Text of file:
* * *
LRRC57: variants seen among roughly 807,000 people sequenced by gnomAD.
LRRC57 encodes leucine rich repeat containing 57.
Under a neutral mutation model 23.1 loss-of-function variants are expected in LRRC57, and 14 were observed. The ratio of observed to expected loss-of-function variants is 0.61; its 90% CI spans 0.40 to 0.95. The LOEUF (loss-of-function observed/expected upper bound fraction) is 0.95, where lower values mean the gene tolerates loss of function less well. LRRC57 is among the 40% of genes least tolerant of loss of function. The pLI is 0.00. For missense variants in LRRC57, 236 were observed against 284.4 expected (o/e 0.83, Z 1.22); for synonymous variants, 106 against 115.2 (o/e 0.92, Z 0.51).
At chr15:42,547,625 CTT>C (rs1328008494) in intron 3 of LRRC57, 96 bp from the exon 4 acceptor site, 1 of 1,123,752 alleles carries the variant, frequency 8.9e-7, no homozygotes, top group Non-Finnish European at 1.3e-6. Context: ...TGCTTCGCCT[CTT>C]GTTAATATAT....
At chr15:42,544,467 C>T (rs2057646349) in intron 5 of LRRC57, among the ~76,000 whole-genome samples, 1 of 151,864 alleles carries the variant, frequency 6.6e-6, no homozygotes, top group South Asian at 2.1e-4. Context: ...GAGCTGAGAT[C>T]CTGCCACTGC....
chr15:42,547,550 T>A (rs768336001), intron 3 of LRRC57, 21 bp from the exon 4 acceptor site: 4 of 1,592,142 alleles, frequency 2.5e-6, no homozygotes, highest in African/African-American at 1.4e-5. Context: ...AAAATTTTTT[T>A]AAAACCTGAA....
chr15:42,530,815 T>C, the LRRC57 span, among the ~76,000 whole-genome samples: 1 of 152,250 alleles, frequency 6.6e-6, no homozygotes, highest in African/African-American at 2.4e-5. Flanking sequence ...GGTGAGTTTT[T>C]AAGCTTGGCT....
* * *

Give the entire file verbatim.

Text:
LRRC57: variants seen among roughly 807,000 people sequenced by gnomAD.
LRRC57 encodes leucine rich repeat containing 57.
Under a neutral mutation model 23.1 loss-of-function variants are expected in LRRC57, and 14 were observed. The ratio of observed to expected loss-of-function variants is 0.61; its 90% CI spans 0.40 to 0.95. The LOEUF (loss-of-function observed/expected upper bound fraction) is 0.95, where lower values mean the gene tolerates loss of function less well. LRRC57 is among the 40% of genes least tolerant of loss of function. The pLI is 0.00. For missense variants in LRRC57, 236 were observed against 284.4 expected (o/e 0.83, Z 1.22); for synonymous variants, 106 against 115.2 (o/e 0.92, Z 0.51).
At chr15:42,547,625 CTT>C (rs1328008494) in intron 3 of LRRC57, 96 bp from the exon 4 acceptor site, 1 of 1,123,752 alleles carries the variant, frequency 8.9e-7, no homozygotes, top group Non-Finnish European at 1.3e-6. Context: ...TGCTTCGCCT[CTT>C]GTTAATATAT....
At chr15:42,544,467 C>T (rs2057646349) in intron 5 of LRRC57, among the ~76,000 whole-genome samples, 1 of 151,864 alleles carries the variant, frequency 6.6e-6, no homozygotes, top group South Asian at 2.1e-4. Context: ...GAGCTGAGAT[C>T]CTGCCACTGC....
chr15:42,547,550 T>A (rs768336001), intron 3 of LRRC57, 21 bp from the exon 4 acceptor site: 4 of 1,592,142 alleles, frequency 2.5e-6, no homozygotes, highest in African/African-American at 1.4e-5. Context: ...AAAATTTTTT[T>A]AAAACCTGAA....
chr15:42,530,815 T>C, the LRRC57 span, among the ~76,000 whole-genome samples: 1 of 152,250 alleles, frequency 6.6e-6, no homozygotes, highest in African/African-American at 2.4e-5. Flanking sequence ...GGTGAGTTTT[T>C]AAGCTTGGCT....